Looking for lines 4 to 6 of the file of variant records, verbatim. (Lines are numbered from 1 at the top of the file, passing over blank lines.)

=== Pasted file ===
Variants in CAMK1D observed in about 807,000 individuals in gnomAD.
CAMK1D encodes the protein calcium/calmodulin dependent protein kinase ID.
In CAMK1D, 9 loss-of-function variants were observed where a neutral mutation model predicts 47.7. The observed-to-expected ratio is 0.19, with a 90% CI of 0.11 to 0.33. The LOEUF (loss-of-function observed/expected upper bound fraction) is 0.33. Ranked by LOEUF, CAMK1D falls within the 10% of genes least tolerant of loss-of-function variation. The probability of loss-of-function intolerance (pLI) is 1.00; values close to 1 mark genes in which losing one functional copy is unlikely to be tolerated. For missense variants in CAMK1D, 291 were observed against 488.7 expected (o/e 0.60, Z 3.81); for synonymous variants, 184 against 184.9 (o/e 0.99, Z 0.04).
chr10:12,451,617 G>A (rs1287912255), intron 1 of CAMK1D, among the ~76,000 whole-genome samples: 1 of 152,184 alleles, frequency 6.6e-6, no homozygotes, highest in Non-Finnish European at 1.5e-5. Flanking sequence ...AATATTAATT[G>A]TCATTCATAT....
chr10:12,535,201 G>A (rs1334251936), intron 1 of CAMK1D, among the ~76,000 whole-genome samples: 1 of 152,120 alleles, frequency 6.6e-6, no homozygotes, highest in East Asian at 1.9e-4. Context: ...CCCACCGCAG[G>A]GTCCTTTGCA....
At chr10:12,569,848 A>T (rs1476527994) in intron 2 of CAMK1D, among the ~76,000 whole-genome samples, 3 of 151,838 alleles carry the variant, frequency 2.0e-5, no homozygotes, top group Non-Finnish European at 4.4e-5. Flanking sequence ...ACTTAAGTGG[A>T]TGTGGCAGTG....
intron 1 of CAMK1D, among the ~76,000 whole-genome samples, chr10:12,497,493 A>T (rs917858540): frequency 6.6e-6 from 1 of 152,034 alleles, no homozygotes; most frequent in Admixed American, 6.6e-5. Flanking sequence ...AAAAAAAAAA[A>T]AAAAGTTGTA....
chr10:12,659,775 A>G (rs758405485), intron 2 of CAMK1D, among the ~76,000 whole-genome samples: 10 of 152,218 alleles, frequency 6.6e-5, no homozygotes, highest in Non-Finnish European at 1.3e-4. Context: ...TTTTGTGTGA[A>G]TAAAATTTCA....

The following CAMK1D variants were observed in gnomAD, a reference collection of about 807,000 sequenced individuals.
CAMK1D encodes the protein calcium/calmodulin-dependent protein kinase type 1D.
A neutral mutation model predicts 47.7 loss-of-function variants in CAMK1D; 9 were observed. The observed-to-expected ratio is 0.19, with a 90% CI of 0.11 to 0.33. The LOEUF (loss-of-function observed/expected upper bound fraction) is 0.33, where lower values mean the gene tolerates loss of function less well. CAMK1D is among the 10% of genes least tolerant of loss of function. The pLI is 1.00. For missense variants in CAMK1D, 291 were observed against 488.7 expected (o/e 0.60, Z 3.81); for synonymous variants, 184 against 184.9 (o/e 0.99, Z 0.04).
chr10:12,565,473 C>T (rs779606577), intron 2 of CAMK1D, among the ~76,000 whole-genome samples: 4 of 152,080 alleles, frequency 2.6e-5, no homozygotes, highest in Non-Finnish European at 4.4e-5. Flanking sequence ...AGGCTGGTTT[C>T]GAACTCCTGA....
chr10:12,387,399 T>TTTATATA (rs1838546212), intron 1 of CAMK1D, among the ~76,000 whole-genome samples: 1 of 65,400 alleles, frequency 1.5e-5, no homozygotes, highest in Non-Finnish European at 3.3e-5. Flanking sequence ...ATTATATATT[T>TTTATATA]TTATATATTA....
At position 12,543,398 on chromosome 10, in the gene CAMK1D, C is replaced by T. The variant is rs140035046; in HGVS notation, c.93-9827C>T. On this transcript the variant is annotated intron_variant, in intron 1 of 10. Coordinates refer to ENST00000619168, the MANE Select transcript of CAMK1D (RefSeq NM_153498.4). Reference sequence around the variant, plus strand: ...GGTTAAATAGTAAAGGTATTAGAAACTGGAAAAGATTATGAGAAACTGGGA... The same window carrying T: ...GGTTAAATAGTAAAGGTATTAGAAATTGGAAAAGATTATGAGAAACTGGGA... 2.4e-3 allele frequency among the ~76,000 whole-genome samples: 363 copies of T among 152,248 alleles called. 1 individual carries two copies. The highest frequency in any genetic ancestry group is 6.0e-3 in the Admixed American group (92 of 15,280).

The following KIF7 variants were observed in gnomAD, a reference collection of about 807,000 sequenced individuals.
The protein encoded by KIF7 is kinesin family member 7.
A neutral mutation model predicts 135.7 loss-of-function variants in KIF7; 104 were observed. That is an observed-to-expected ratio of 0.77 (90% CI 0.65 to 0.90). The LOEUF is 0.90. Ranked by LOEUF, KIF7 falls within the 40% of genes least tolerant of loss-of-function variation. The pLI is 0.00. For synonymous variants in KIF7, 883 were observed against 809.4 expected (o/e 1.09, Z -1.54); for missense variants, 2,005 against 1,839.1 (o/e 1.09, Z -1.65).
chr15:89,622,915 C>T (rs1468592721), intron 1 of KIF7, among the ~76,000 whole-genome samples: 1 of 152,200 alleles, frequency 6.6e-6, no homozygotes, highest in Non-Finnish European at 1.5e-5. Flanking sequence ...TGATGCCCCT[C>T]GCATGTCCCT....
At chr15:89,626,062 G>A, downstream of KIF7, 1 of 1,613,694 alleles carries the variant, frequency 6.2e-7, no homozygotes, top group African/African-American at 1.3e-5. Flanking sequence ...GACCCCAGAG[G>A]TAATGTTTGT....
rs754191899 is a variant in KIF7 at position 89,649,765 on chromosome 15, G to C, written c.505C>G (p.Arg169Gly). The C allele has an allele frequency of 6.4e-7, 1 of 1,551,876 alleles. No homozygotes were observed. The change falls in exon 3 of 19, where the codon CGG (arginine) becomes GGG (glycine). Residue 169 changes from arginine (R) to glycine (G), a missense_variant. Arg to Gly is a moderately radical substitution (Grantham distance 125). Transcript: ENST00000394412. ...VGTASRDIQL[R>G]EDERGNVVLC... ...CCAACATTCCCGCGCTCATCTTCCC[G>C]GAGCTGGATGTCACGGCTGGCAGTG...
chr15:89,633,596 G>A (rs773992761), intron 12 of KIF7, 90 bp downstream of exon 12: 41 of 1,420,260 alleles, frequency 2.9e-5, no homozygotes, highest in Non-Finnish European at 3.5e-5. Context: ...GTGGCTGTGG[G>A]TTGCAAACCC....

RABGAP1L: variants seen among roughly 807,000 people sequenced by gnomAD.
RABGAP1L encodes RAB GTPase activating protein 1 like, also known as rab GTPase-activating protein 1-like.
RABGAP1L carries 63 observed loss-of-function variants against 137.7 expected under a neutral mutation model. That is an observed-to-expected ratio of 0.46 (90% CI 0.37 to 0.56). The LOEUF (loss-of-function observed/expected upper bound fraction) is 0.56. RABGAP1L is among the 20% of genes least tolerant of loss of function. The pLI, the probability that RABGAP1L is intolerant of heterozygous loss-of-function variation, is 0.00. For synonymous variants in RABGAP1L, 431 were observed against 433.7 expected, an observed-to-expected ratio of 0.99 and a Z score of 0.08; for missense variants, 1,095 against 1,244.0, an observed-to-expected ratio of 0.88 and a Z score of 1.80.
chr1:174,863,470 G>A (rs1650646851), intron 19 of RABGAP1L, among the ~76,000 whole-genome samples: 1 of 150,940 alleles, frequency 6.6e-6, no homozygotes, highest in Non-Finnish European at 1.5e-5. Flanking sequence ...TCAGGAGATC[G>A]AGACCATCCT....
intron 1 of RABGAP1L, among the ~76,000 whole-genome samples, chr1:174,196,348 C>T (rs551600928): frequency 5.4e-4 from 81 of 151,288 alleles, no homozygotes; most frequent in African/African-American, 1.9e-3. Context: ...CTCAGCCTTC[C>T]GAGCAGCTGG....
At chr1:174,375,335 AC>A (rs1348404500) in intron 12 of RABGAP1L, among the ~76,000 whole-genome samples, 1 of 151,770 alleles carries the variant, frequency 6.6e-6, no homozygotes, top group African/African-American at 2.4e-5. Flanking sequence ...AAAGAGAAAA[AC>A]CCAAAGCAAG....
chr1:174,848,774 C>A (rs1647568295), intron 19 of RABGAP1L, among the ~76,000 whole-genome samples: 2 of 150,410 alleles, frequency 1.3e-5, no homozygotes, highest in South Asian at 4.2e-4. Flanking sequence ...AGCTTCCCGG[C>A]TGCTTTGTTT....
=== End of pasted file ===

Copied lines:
chr10:12,451,617 G>A (rs1287912255), intron 1 of CAMK1D, among the ~76,000 whole-genome samples: 1 of 152,184 alleles, frequency 6.6e-6, no homozygotes, highest in Non-Finnish European at 1.5e-5. Flanking sequence ...AATATTAATT[G>A]TCATTCATAT....
chr10:12,535,201 G>A (rs1334251936), intron 1 of CAMK1D, among the ~76,000 whole-genome samples: 1 of 152,120 alleles, frequency 6.6e-6, no homozygotes, highest in East Asian at 1.9e-4. Context: ...CCCACCGCAG[G>A]GTCCTTTGCA....
At chr10:12,569,848 A>T (rs1476527994) in intron 2 of CAMK1D, among the ~76,000 whole-genome samples, 3 of 151,838 alleles carry the variant, frequency 2.0e-5, no homozygotes, top group Non-Finnish European at 4.4e-5. Flanking sequence ...ACTTAAGTGG[A>T]TGTGGCAGTG....